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Am J Obstet Gynecol. 2014 Dec;211(6):695.e1-7. doi: 10.1016/j.ajog.2014.05.041. Epub 2014 May 29.

Screening practices and attitudes of obstetricians-gynecologists toward new and emerging tobacco products.

Author information

  • 1National Center for Chronic Disease Prevention and Health Promotion, Centers for Disease Control and Prevention, Atlanta, GA. Electronic address: lbe9@cdc.gov.
  • 2American College of Obstetricians and Gynecologists, Washington, DC.
  • 3National Center for Chronic Disease Prevention and Health Promotion, Centers for Disease Control and Prevention, Atlanta, GA.
  • 4Chestnut Health Systems, Normal, IL.

Abstract

OBJECTIVE:

We examined screening practices and attitudes of obstetricians-gynecologists toward the use of noncombustible tobacco products (chewing tobacco, snuff/snus, electronic cigarettes, and dissolvables) during pregnancy.

STUDY DESIGN:

The authors mailed a survey in 2012 to 1024 members of the American College of Obstetricians and Gynecologists, including Collaborative Ambulatory Research Network (CARN) and non-CARN members. Stratified random selection was used to generate CARN and non-CARN samples.

RESULTS:

Response rates were 52% and 31% for CARN and non-CARN members, respectively. Of 252 total eligible respondents (those currently providing obstetrics care) 53% reported screening pregnant women at intake for noncombustible tobacco product use all or some of the time, and 40% reported none of the time. Respondents who reported that noncombustible products have adverse health effects during pregnancy, but are safer than cigarettes, ranged from 20.2% (dissolvables) to 29% (electronic cigarettes) and that the health effects are the same as those of cigarettes from 13.5% (electronic cigarettes) to 53.6% (chewing tobacco). Approximately 14% reported that electronic cigarettes have no adverse health effects; <1% reported no health effects for the remaining products. Two-thirds of the respondents wanted to know more about the potential health effects of noncombustible tobacco products; only 5% believed themselves to be fully informed.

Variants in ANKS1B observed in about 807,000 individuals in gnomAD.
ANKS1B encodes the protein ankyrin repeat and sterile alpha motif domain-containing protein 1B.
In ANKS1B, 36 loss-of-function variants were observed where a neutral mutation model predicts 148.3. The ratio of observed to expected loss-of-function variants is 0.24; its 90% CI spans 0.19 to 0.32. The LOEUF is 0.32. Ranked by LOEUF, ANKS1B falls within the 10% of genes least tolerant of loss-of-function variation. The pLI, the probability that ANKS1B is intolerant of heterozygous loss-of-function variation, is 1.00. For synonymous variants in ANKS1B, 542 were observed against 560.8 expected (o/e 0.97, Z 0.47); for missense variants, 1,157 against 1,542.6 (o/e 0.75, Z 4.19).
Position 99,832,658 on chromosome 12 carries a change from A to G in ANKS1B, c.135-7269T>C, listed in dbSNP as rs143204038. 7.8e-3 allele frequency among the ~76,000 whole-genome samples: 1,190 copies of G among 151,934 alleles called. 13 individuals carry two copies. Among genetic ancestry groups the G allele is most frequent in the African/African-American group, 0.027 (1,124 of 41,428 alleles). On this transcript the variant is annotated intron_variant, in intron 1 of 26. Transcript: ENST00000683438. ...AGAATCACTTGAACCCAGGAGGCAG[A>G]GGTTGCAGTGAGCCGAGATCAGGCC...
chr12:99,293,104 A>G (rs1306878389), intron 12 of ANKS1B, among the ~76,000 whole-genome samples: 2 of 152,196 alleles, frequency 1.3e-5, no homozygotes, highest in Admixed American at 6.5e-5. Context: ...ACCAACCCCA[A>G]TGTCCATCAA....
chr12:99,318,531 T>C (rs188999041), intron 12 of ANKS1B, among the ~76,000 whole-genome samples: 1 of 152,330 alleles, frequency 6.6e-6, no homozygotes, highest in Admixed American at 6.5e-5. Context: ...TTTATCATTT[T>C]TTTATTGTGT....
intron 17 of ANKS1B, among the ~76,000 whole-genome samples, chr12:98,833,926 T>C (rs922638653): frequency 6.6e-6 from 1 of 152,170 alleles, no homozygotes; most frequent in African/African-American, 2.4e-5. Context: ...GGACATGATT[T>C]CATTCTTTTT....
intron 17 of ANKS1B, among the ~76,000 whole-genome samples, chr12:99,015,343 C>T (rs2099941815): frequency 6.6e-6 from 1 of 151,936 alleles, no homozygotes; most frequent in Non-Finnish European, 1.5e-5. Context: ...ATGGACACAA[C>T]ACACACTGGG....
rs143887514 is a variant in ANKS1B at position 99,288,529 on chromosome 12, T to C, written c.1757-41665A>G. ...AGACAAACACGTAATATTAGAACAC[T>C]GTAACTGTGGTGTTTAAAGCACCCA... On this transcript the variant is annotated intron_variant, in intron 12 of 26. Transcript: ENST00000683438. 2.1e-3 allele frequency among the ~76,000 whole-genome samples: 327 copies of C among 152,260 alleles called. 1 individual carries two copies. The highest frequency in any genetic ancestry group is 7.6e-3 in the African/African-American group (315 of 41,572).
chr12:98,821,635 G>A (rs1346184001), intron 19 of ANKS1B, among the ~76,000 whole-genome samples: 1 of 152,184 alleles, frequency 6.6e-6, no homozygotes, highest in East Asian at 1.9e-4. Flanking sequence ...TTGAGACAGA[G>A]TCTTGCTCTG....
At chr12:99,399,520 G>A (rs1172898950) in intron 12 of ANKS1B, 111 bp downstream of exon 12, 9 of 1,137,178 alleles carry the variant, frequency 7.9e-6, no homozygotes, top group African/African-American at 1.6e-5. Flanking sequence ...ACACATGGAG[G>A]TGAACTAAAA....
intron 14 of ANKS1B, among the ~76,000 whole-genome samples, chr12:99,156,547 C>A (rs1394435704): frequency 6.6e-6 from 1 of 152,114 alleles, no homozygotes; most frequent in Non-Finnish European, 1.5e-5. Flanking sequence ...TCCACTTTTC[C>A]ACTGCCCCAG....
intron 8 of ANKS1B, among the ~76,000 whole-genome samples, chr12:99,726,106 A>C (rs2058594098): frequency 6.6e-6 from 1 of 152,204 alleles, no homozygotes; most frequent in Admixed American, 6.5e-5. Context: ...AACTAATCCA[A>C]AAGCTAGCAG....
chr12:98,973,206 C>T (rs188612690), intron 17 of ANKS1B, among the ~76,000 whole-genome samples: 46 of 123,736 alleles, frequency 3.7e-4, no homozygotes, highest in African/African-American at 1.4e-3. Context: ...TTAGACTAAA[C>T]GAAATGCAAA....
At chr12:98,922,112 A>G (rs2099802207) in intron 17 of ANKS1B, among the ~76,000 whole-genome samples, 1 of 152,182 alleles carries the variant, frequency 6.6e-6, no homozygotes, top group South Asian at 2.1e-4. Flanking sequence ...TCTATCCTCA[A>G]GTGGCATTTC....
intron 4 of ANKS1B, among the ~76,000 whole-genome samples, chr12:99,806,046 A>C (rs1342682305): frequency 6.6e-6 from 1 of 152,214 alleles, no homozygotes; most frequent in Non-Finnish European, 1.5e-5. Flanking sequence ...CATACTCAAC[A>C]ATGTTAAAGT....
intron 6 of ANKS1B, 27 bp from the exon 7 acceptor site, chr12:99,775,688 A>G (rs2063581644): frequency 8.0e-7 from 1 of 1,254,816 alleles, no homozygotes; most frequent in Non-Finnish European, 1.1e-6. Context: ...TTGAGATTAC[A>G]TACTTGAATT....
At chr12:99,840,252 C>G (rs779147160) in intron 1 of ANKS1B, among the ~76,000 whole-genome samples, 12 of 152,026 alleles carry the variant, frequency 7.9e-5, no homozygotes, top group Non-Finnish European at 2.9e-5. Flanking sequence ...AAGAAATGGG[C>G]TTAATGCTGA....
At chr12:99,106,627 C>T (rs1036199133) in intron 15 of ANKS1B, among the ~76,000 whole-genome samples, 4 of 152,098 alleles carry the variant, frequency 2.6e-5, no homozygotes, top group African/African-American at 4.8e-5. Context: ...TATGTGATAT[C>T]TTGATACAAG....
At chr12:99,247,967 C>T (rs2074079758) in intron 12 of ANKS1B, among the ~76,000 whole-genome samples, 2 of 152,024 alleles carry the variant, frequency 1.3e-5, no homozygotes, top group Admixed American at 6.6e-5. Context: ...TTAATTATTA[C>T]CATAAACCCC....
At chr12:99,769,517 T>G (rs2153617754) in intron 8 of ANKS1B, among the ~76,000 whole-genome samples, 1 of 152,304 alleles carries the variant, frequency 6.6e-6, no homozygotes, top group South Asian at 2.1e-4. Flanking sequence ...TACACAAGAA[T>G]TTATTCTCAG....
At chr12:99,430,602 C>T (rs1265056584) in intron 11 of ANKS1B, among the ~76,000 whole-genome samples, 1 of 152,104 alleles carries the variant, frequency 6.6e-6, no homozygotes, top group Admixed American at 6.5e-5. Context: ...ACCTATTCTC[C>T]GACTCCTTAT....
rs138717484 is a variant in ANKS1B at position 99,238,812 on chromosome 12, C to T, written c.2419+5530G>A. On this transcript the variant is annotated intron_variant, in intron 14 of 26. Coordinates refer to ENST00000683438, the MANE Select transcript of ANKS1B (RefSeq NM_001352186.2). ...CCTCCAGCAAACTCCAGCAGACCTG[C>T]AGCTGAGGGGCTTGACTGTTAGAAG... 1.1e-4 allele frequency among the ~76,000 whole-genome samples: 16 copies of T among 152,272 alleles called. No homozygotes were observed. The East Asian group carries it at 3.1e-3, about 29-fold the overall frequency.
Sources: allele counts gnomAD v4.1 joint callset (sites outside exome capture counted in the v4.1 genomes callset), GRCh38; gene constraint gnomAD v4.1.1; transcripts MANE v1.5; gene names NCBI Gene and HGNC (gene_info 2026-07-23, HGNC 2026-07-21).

CONCLUSION:

A large proportion of obstetrician-gynecologists reported never or inconsistently screening their pregnant patients for the use of noncombustible tobacco products. Responses regarding the harms of these products relative to cigarettes were mixed and most respondents wanted more information. Development and dissemination of guidance for providers is needed to improve decision-making regarding noncombustible tobacco products.

Published by Elsevier Inc.

KEYWORDS:

electronic cigarette; obstetrician-gynecologist; pregnancy; smokeless tobacco

[PubMed - indexed for MEDLINE]
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